Some believe Bedford, Maine, is cursed. Its bloody past, endless rain, and the decay of its downtown portend a hopeless future. With the death of its paper mill, Bedford ' s unemployed residents soon find themselves with far too much time to dwell on thoughts of Susan Marley. Once the local beauty, she ' s now the local whore. Silently prowling the muddy streets, she watches eerily from the shadows, waiting for ' something. And haunting the sleep of everyone in town with monstrous visions of violence and horror.
Showing 1-8 of the 8 most recent reviews
1 . Not too bad
Posted April 14, 2010 by Bruce Arnold , Fort Wayne, INI agree with most of the readers; it started out well and developed nicely. Once the main character ..................... it really slowed down and lost its punch. Made for good reading on a long plane ride. I will probably watch for more of her works.
2 . Started Good but an Effort to Finish
Posted November 04, 2009 by Diana , Fort Walton BeachIt started with a little promise but then just dwindled into blah, blah, blah a blend of different movies and books. The last 200-300 pages was a speed read to get to something actually interesting. It was a blend of all of Stephen Kings' books.
3 . Glad it was free!!!
Posted November 01, 2009 by Killswitch76 , Export, PAThis book was like a Stephen King wanna be. It was worth the read since it was free. I may give the second one a try but I am still undecided.
4 . Somewhat predictable
Posted October 25, 2009 by TraceyDNJ , NJI like this genre and a book has to be pretty bad for me to not finish it. I actually did like this book although the story itself wasn't that strong. I think the author's writing style was engaging and did make me want to continue reading. The ending was fairly predictable, but overall a good, quick read.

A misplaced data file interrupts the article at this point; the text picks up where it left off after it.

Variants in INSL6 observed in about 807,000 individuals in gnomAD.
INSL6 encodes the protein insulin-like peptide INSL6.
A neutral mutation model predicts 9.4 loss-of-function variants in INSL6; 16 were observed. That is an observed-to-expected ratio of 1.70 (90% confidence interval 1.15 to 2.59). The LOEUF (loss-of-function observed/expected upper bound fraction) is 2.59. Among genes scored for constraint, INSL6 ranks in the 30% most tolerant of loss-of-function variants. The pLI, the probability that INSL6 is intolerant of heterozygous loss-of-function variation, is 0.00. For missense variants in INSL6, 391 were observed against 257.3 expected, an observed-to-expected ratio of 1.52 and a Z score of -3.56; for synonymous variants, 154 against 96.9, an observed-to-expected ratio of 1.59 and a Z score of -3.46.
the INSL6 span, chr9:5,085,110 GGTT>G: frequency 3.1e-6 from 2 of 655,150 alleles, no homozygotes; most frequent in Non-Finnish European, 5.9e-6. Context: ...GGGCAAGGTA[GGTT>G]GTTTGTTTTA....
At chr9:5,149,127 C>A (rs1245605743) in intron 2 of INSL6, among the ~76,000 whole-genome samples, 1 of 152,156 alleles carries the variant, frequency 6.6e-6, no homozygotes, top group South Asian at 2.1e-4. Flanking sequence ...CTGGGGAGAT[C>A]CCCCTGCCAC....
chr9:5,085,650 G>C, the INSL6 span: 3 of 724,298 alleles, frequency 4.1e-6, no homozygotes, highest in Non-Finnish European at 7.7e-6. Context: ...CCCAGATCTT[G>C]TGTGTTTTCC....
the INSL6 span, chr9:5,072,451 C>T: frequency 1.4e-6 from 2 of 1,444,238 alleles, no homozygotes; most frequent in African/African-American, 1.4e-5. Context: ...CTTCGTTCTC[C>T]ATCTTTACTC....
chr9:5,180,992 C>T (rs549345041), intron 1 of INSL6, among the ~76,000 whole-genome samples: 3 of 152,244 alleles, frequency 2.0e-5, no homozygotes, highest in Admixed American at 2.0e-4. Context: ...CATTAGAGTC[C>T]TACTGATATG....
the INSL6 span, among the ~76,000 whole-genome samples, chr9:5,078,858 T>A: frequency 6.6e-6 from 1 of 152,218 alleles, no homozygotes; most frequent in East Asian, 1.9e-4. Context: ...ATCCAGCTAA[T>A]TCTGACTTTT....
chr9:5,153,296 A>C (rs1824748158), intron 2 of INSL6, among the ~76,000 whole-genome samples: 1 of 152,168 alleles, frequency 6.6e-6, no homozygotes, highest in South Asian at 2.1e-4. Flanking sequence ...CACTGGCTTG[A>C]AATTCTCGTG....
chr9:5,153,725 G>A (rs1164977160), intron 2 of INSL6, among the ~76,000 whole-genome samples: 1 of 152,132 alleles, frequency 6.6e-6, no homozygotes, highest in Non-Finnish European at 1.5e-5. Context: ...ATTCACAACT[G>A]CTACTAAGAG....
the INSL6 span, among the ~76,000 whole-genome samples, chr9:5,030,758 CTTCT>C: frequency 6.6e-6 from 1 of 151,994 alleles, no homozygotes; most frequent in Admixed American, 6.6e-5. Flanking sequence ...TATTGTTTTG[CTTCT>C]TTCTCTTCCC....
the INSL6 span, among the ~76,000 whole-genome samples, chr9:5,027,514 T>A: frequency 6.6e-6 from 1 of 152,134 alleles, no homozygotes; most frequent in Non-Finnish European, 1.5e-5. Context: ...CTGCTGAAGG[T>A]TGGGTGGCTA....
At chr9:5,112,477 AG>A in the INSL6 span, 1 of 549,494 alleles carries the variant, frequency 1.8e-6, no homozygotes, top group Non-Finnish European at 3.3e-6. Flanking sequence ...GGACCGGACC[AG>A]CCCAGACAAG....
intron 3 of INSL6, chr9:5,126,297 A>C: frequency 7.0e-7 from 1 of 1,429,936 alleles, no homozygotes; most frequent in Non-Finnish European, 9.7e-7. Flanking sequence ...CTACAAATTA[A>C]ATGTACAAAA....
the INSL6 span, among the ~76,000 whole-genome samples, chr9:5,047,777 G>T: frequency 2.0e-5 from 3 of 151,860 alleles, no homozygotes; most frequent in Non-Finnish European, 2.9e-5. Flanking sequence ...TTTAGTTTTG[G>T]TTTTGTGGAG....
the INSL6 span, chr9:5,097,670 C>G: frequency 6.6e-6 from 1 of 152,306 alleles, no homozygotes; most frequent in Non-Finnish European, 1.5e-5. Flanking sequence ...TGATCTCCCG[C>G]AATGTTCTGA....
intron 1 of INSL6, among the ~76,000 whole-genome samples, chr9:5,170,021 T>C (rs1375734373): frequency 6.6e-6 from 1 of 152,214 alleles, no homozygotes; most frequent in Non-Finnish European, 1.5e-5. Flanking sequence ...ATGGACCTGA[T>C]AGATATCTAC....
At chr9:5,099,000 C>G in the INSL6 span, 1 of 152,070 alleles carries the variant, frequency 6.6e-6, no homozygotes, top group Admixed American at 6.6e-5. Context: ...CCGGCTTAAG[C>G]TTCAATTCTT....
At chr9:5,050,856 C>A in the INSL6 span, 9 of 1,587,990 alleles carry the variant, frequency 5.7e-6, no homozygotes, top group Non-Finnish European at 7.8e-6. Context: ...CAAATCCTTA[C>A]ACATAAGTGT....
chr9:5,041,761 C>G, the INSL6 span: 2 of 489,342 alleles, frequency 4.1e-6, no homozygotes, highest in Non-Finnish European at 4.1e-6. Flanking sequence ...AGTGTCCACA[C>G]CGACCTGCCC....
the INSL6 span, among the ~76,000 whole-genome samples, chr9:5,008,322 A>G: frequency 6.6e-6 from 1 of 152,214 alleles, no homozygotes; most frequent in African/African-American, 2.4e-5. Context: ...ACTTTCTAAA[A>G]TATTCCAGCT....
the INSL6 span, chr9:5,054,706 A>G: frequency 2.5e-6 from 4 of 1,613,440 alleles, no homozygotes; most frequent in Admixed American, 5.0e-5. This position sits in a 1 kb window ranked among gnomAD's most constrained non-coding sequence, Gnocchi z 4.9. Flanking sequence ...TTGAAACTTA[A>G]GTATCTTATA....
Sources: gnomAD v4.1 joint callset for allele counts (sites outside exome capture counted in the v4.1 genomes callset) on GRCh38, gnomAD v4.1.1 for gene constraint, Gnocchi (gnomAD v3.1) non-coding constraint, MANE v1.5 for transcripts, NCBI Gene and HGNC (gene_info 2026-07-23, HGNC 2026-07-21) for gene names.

5 . Great story, needs a little polishing
Posted October 24, 2009 by RT , Lawton, OKI really enjoyed this book. It was very creepy, with great atmosphere. There were a lot of characters, and at times I got a little confused as to who was being referred to. But, even with its problems, the book is still an enjoyable read. I will be looking for more from her in the future.
6 . Horrible! Absolute waste of time!
Posted October 12, 2009 by Lisa , ColumbiaThere is a reason this particular book was free. Its terrible. Save yourself some boredom and don't even start it.
7 . Awesome
Posted October 08, 2009 by Ila in Maine , Sanford MEReminded me of Steve King when he was young and could still scare me, when Salem's Lot had to be read outdoors in broad daylight because you were afraid to look out your windows for fear of who or what might be looking back at you, and you lived on the third floor.
I read lots of horror, I live in Maine and it was the perfect read for me. I'm 51 and I don't say that about many, well hardly any books these days.
Lock the doors, pull the blinds and enjoy a few chills.
8 . A mixed bag
Posted October 05, 2009 by Jim D , Tulsa, OKDisappointing. The novel starts out in appealing fashion, but the story quickly runs out of steam. The author is technically proficient, but ultimately borrows too much from too many genres. The ending goes on forever, and the symbolism is just too predictable to hold the reader's attention. A nice try, perhaps, but it takes a big effort to keep reading until the end.